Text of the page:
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Re: Do you have any experience with Git?

Posted 20 November 2009 - 12:44 PM

We are also considering SVN which is easier for me to grasp because I have experience using (just not administrating) CVS. It just seems to me that the administration portion of Git is better for smaller companies (less than 10 developers) where everyone is communicating on a daily basis. I'm still neck deep in researching and testing right now but as always any input is greatly appreciated.
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#8 Oler1s  Icon User is offline

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Re: Do you have any experience with Git?

Posted 20 November 2009 - 08:59 PM

Quote

While I agree it is nice that the guaranteed file integrity is a nice feature I don't really think that should be part of the VCS. That's what backups are for!
A VCS is a backup of sorts. It backs up history of revisions. Offloading file integrity issues from a VCS to a backup system doesn't make sense. Think about what the implication is. The implication is that to ensure file integrity, backup before checking in code. Does that seem like a good system?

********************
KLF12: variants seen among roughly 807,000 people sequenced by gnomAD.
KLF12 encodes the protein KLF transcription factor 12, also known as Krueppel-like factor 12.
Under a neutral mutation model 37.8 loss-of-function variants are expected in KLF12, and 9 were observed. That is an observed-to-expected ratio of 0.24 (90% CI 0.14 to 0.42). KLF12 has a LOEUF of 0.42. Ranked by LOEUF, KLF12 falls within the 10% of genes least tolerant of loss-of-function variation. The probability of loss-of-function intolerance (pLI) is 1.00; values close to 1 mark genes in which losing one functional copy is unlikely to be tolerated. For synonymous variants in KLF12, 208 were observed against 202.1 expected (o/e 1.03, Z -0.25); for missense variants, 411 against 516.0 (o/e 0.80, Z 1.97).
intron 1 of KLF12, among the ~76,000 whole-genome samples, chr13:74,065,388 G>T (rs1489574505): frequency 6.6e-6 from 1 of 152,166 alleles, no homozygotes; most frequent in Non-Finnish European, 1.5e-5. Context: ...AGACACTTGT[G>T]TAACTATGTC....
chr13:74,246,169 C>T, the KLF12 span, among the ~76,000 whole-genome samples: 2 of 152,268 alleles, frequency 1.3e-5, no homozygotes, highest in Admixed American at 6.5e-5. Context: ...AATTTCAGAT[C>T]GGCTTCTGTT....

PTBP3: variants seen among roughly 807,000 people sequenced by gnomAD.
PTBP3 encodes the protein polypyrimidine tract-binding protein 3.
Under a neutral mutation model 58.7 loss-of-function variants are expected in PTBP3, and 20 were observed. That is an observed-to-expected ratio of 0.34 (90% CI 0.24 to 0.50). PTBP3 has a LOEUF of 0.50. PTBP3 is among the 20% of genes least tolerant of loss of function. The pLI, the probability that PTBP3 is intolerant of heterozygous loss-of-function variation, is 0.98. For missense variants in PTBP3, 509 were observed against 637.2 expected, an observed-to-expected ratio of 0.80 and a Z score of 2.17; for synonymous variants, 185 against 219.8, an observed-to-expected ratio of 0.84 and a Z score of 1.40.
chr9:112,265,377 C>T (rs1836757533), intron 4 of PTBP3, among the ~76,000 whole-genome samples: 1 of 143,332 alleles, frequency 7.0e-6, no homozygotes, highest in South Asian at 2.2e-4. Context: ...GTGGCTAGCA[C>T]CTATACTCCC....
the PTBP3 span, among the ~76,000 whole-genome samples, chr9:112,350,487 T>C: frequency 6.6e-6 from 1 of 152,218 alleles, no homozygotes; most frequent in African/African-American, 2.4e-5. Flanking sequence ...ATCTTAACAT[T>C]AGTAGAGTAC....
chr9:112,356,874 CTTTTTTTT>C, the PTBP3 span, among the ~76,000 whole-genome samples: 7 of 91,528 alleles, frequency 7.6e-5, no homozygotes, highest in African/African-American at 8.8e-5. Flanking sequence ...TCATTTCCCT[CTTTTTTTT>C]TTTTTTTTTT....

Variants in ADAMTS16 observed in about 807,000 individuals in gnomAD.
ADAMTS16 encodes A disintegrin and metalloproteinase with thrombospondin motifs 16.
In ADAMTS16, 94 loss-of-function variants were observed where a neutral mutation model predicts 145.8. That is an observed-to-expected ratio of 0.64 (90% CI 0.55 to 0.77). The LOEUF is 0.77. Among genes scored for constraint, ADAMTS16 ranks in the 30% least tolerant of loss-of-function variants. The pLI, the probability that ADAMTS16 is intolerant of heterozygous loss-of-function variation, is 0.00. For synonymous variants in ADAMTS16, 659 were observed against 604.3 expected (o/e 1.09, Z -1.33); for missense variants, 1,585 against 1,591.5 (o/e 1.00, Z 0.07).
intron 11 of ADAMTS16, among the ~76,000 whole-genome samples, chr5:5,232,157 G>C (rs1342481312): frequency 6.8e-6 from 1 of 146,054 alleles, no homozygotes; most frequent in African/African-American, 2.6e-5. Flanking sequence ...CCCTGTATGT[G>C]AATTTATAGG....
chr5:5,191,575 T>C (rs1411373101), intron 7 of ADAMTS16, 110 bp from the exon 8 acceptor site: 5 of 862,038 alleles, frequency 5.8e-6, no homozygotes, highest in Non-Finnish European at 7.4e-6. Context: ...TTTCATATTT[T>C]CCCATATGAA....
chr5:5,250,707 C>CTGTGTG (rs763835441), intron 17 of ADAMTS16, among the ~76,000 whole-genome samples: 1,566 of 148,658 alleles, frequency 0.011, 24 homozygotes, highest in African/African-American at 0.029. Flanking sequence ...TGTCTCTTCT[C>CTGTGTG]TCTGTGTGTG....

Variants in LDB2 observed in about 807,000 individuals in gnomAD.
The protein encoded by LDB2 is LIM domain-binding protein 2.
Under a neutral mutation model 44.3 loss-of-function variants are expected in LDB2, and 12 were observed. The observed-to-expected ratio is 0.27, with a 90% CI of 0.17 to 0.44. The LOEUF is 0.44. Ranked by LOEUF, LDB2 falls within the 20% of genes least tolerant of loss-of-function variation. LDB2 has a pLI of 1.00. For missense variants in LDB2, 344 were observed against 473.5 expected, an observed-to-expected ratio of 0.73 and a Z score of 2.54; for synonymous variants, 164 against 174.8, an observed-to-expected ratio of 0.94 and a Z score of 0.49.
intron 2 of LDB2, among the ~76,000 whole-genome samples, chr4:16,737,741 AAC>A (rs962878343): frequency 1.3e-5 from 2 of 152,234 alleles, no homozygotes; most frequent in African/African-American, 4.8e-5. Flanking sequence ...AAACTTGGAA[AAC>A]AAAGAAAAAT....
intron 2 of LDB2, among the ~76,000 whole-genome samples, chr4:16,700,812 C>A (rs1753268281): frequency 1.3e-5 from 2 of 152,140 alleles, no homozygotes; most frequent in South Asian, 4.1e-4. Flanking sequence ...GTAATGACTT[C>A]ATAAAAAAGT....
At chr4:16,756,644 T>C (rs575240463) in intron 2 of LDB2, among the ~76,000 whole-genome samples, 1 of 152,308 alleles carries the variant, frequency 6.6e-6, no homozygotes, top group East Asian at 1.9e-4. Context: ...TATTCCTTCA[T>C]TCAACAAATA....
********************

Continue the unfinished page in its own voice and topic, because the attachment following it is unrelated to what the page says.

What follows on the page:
VCS should definitely be dealing with file integrity issues on large scale code, and a good VCS should allow for that option on small scale codebases that demand it.

Quote

It just seems to me that the administration portion of Git is better for smaller companies (less than 10 developers) where everyone is communicating on a daily basis. I'm still neck deep in researching and testing right now but as always any input is greatly appreciated.
I don't use Git, but I use Mercurial. The same issues should apply as Mercurial is a DVCS as well. I felt that with a DVCS, you had two advantages that may or may not be critical:

1) Encouraging branching or allowing for it without penalties
2) Flexible hierarchy

I've found both critical in small teams. SVN in contrast is the one central, everyone depends on central type of model, which isn't flexible at all. When there's no central codebase (which is what I faced), SVN is very odd. If you don't have a central server, or a central server doesn't make sense because there is no social authority, SVN doesn't fit.

But the flip side is that once you have a DVCS:

1) You need to figure out a hierarchy and some kind of structure to the "flow" of code.
2) You do need to get comfortable with merging and merging issues that can crop up.